Sunday, December 28, 2008

Fuel-efficient stoves keep women out of harm's way

In Sudan's Darfur region, where violence and genocide are rampant, women risk their lives every day performing tasks as seemingly mundane as seeking out firewood.

But, from his suburban home, one Maryland teen has dedicated himself to making life a little safer for those women.

Spencer Brodsky, 17, learned about the violence and decided to raise money to purchase fuel-efficient stoves to send to Darfur. The stoves burn 75 percent less firewood.

Brodsky reasons that if he can do something to keep Sudanese women in the camps, this would decrease the likelihood of violence.

"We need to be able to benefit them in any way that we can so they don't have to be out as many times of their compound," he said.
Click here on to read full story.

New law on sex trafficking leads to more abuse

Or, as AFP more politely puts it in this story published on Christmas day: "Cambodia faces problems enforcing new sex trafficking law"
25 DEC 2008, PHNOM PENH (AFP):
The Cambodian government began prosecuting a new "Law on Suppression of Human Trafficking and Sexual Exploitation" in February after years of pressure from the United States to clamp down on sex trafficking.

Since then, authorities have conducted brothel raids and street sweeps, but rights groups complain the new law has in many ways worsened the exploitation of women.

"The law allows police of all levels to arrest and punish sex workers," said Naly Pilorge, director of local human rights group Licadho.

"The sex workers are arrested to police stations and rehabilitation centres and then they are abused."
The reporter interviewed one prostitute, Chantha, who said there was nothing else she could do in Cambodia but become a prostitute.
"If you don't even have a dollar in your pocket to buy rice, how can you bear looking at your starving relatives?" she said.

"You do whatever to survive, until you start to realize the consequence of your deeds."

Chanta, in her early twenties, was working in a small red-light district west of the capital Phnom Penh several months ago when she was arrested under Cambodia's new sex-trafficking law.

Police nabbed her in a raid and charged her with publicly soliciting sex, fining her nearly two dollars. Then, Chanta claims, the arresting officers gang raped and beat her for six days in detention.

Bruises covered her body, but none of her assailants were brought to court, she said.
I once spoke to a young Cambodian prostitute who told me she'd rather die of AIDS tomorrow than of starvation today.

And a Merry Christmas to you too.

Big surprise: Property prices fall in Singapore and Cambodia

Singapore's private home prices fall: Dec 28, 2008, Private home prices fall. By JOYCE TEO
Private home prices are falling - and they will fall even more next year.

Property developers may disagree, but there is no question about it, if you ask industry observers.

The economy has slowed considerably and there have been retrenchments and wage cuts.

Sales volume of new homes looks set to reach an 18-year low this year, while supply is far from lacking...

Manpower Ministry data already shows that average monthly real earnings - pay minus the effect of inflation - fell by 17 per cent from SGD$3,982 in the first quarter to SGD$3,307 in the third quarter.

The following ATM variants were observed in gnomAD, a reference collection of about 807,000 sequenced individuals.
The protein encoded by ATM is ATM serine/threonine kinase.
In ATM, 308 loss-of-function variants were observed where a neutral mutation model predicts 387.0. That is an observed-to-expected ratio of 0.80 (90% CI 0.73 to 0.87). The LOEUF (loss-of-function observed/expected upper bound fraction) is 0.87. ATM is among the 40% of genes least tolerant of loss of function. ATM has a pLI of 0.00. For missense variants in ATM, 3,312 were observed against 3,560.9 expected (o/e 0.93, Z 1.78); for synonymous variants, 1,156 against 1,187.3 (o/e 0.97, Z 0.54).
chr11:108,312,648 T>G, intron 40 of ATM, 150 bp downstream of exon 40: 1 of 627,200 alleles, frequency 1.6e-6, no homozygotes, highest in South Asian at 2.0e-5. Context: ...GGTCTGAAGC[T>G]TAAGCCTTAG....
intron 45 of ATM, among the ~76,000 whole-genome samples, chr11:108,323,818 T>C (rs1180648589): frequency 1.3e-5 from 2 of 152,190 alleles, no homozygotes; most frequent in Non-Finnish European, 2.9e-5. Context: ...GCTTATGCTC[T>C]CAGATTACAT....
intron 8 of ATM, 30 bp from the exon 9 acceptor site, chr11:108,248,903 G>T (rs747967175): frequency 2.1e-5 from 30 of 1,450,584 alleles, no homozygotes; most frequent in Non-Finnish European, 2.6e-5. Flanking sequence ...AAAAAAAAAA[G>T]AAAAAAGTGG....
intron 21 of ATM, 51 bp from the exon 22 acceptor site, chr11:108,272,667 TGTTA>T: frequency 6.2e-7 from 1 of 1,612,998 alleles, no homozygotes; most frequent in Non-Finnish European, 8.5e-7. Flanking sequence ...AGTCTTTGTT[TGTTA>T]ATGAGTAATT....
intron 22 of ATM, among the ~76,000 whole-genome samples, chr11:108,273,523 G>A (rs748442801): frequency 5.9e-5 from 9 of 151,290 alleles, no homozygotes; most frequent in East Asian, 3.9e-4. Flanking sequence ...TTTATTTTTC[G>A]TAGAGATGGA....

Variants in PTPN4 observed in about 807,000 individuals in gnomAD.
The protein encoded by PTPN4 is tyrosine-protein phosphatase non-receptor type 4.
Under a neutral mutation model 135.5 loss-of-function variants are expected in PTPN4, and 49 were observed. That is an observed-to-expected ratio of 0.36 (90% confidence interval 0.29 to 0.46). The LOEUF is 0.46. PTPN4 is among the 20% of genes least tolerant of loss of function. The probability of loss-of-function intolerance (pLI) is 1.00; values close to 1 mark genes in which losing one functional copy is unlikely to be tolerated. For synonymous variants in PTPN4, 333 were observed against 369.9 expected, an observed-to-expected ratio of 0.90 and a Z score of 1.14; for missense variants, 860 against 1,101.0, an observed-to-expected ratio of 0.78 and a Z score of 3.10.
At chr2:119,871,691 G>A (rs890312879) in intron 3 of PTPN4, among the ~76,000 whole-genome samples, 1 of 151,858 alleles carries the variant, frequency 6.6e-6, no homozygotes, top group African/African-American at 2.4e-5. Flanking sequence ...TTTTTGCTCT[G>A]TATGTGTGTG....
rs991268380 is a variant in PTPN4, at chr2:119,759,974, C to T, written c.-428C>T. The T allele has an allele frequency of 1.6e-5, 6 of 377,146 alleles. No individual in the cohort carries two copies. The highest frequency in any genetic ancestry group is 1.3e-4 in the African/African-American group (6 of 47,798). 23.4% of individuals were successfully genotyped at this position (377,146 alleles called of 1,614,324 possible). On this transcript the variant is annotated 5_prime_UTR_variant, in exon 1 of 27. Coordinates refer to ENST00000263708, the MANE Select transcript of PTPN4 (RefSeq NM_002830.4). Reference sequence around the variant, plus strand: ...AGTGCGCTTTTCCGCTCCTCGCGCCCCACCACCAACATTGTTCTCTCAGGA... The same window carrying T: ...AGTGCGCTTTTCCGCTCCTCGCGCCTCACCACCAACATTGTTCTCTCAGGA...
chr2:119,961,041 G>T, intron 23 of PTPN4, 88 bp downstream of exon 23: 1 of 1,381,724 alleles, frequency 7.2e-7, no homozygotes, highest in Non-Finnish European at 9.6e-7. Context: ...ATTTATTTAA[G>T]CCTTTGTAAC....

Also, on an annualised quarter-on-quarter basis, gross domestic product growth in the third quarter declined by 6.8 per cent, continuing the 5.3 per cent contraction experienced in the second quarter...

Going forward, though, there could be more speculators desperate to get rid of their properties because they do not want to be saddled with huge loans, experts say...

Novelty Group, for one, last month cut its price for the 75-unit Luma at River Valley Grove from SGD$2,800 per sq ft (psf) to SGD$1,450 psf.
In Cambodia, speculators are the big losers as property market stalls:Dec 18 2008, Written by SOEUN SAY AND GEORGE MCLEOD:
"About 5,000 land speculators have lost their fortunes after the property market downturn brought on by the global economic crisis," said Meas Tola, managing director of Angkor Real Estate of Cambodia.

He says his company's future is in question as commissions fall to almost nothing....

"The prices in Phnom Penh have been overinflated. Everyone has jumped on the greed bandwagon. ... Now we are seeing a lot of major construction projects being put on hold or cancelled," said Naim Khan-Turk, the director of research and consultancy with CB Richard Ellis in Ho Chi Minh City.

"Cambodia is going to have a reality check. Speculators have been borrowing to buy condos that aren't built and they are not going to be able to pay the banks; then the suppliers won't get paid and everyone is going to lose," he said.

Friday, December 26, 2008

CNN Hero - 2008

I caught the programme last night on CNN. It was a repeat telecast and the winner, out of 10 nominees was:

Liz McCartney, St. Bernard Parish, Louisiana: McCartney moved to New Orleans to dedicate herself to helping Hurricane Katrina survivors move back into their homes. Her nonprofit, St. Bernard Project, has rebuilt the homes of more than 120 families for free.

I was surprised to see Cambodia's own Phymean Noun, listed as coming from

Toronto, Ontario: Growing up in Cambodia, Noun struggled to complete high school. Today, she offers hundreds of Cambodian children who work in Phnom Penh's trash dump a way out through free schooling and job training. See

Noun attended the event and accepted her award for being a CNN hero on the very stage where the Oscars are given out. She wore a lovely Cambodian traditional dress and received the award from fellow Asian, Lucy Liu. Noun thanked her husband Steve (I guess he's the Canadian connection) for his support in her project.